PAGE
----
In addition to the developmental effects, regular marijuana use also has a wide range of effects on a person’s physical and mental health:

  • Issues during pregnancy
  • Increased heart rate
  • Breathing problems
  • Nausea and vomiting
  • Worsening schizophrenia
  • Paranoia
  • Hallucinations

Regular cannabis use may increase the presence of other mental health issues, including suicidal ideation, depression, and anxiety among young people.

Common Signs of Marijuana Addiction

How do you know if someone is suffering from marijuana addiction? There are a few common signs that can help you identify if a loved one has marijuana use disorder.

  • Your loved one says that they will only smoke a small amount of cannabis, but ends up regularly smoking one or more joints.
  • Your loved one has attempted to curb or stop their marijuana use, but failed.
  • Your loved one has a high tolerance for marijuana and must smoke a large amount to feel the same effects.
  • Your loved one experiences withdrawal symptoms when they stop smoking marijuana.
  • Your loved one has stopped participating in activities they once loved.
  • Your loved one shows up to work or school high on marijuana, despite repeated warnings or consequences.
  • Your loved one spends lots of time getting high, wanting to get high, or searching for cannabis to get high.
  • Your loved one chooses activities and friends based on the ability to smoke cannabis during these activities or with these friends.
  • Your loved one needs marijuana to “relax” or do creative work.
  • Your loved one repeatedly uses marijuana to escape from their problems, such as stress at work or problems at school.
  • Your loved one becomes unreliable and spends less time with friends and family, or performing daily tasks in order to get high.

Marijuana Withdrawal Symptoms

One of the most obvious signs of a marijuana addiction is the presence of withdrawal symptoms when your loved one tries to quit using it. Excessive marijuana use, or smoking at least once per day, can lead to dependency like any other drug. Common withdrawal symptoms include:

  • Loss of focus
  • Increased feelings of depression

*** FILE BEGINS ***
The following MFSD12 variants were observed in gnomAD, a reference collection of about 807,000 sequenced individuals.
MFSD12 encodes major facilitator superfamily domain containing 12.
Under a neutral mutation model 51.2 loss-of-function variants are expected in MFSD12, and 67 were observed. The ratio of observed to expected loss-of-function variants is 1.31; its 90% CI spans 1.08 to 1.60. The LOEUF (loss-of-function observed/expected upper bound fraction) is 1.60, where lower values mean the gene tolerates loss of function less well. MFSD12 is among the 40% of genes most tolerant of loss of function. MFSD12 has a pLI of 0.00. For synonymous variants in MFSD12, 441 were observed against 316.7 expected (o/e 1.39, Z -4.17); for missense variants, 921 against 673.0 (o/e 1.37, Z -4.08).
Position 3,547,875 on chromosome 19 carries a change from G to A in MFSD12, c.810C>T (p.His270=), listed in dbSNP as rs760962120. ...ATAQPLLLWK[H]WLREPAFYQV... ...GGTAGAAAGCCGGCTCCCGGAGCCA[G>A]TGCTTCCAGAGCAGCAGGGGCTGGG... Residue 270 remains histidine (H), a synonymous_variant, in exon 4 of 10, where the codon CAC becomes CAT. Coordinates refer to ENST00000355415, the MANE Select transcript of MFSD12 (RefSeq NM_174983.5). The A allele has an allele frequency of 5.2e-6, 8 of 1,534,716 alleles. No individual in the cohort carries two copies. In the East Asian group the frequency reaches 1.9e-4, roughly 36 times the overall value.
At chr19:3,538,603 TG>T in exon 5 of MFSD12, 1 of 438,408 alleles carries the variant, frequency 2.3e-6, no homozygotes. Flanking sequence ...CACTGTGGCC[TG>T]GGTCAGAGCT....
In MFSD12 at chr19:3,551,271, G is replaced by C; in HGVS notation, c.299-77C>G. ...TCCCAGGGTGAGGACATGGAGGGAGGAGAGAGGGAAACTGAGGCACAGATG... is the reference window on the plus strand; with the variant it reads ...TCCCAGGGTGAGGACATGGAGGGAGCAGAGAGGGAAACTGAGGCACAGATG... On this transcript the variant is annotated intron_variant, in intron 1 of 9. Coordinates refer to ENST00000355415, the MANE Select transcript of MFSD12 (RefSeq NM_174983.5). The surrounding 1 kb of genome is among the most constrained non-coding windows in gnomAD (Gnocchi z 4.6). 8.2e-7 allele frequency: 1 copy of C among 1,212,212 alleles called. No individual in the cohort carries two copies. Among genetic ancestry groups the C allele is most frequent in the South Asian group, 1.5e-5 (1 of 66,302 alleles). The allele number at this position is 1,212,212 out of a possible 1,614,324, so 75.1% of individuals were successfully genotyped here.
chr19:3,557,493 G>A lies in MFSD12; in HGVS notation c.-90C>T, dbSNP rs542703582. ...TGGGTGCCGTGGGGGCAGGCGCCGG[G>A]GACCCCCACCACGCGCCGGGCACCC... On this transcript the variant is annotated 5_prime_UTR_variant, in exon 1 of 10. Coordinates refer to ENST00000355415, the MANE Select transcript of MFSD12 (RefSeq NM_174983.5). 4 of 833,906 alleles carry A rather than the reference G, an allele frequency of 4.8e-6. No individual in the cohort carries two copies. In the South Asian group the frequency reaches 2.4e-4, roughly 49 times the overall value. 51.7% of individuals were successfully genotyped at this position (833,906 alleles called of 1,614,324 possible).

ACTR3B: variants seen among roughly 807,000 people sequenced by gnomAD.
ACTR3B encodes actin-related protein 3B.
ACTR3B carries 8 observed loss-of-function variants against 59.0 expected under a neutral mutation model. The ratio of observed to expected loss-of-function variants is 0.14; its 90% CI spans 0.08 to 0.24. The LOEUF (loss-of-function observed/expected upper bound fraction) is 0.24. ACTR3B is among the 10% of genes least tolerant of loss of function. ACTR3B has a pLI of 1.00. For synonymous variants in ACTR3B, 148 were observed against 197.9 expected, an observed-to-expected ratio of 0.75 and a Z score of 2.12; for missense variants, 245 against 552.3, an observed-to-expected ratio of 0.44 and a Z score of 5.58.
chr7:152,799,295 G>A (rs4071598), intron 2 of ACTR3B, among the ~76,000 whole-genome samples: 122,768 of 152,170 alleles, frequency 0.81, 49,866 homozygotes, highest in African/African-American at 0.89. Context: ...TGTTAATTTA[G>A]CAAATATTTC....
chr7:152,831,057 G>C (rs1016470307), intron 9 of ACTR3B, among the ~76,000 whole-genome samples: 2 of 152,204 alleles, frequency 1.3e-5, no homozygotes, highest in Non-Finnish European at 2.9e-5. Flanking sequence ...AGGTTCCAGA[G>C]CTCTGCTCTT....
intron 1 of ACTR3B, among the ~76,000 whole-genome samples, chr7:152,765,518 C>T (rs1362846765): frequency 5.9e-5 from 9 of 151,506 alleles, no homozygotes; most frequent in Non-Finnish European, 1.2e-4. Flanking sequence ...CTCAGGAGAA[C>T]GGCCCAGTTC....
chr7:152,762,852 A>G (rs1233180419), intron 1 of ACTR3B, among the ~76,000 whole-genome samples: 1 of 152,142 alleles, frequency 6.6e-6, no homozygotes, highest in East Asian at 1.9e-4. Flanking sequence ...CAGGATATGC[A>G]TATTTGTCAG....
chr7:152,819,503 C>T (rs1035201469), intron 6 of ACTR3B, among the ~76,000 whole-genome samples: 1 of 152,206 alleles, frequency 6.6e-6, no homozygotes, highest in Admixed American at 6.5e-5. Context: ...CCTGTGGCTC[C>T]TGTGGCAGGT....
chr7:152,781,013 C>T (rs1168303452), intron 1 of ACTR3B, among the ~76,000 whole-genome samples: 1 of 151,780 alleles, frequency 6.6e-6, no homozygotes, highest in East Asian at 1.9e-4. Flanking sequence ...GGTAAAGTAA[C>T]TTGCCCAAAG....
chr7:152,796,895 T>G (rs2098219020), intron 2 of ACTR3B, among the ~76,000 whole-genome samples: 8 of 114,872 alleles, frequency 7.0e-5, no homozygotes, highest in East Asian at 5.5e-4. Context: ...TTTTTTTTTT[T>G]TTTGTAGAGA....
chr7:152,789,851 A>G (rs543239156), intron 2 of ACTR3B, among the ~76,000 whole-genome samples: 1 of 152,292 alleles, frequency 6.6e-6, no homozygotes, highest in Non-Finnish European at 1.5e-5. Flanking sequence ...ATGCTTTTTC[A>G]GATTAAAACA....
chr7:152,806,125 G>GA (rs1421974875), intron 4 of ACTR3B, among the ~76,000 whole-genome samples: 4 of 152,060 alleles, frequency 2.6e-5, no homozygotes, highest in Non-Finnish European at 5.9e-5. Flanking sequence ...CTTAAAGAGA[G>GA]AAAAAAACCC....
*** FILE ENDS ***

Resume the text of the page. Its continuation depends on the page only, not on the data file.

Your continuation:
• Irritability
  • Diminished appetite
  • Strong cravings for marijuana
  • Stomach and digestion issues
  • Difficulty sleeping
  • Cold sweats and excessive sweating
  • Mood changes
  • Chills

Marijuana withdrawal symptoms vary from person to person and can range from mild to severe. While marijuana withdrawal symptoms are not as dangerous as withdrawal symptoms for harder drugs, they are still unpleasant and hard to handle alone. The longer your loved one used marijuana, the more difficult the withdrawal symptoms become.

Handling marijuana withdrawal symptoms is possible with the right level of support. Make sure your loved one drinks lots of water and eats a healthy diet full of protein, fruits, and vegetables. Encourage them to exercise for at least 30 minutes per day. Finally, look into enrolling your loved one at a rehabilitation center that offers marijuana addiction treatment like Windmill Wellness Ranch.

Contact Windmill Wellness Ranch Today

Are you or a loved one suffering from marijuana addiction? Help is available. Windmill Wellness Ranch offers comprehensive and holistic marijuana addiction treatment at our private facility in Canyon Lake, Texas. Our programs include group therapy, detox monitoring, and wellness programming such as art therapy and daily exercise. We provide both neurotechnology and therapy programs to heal the spirit, body, and brain from addiction.

Contact Windmill Wellness Ranch today to learn more about our marijuana treatment program and how to enroll.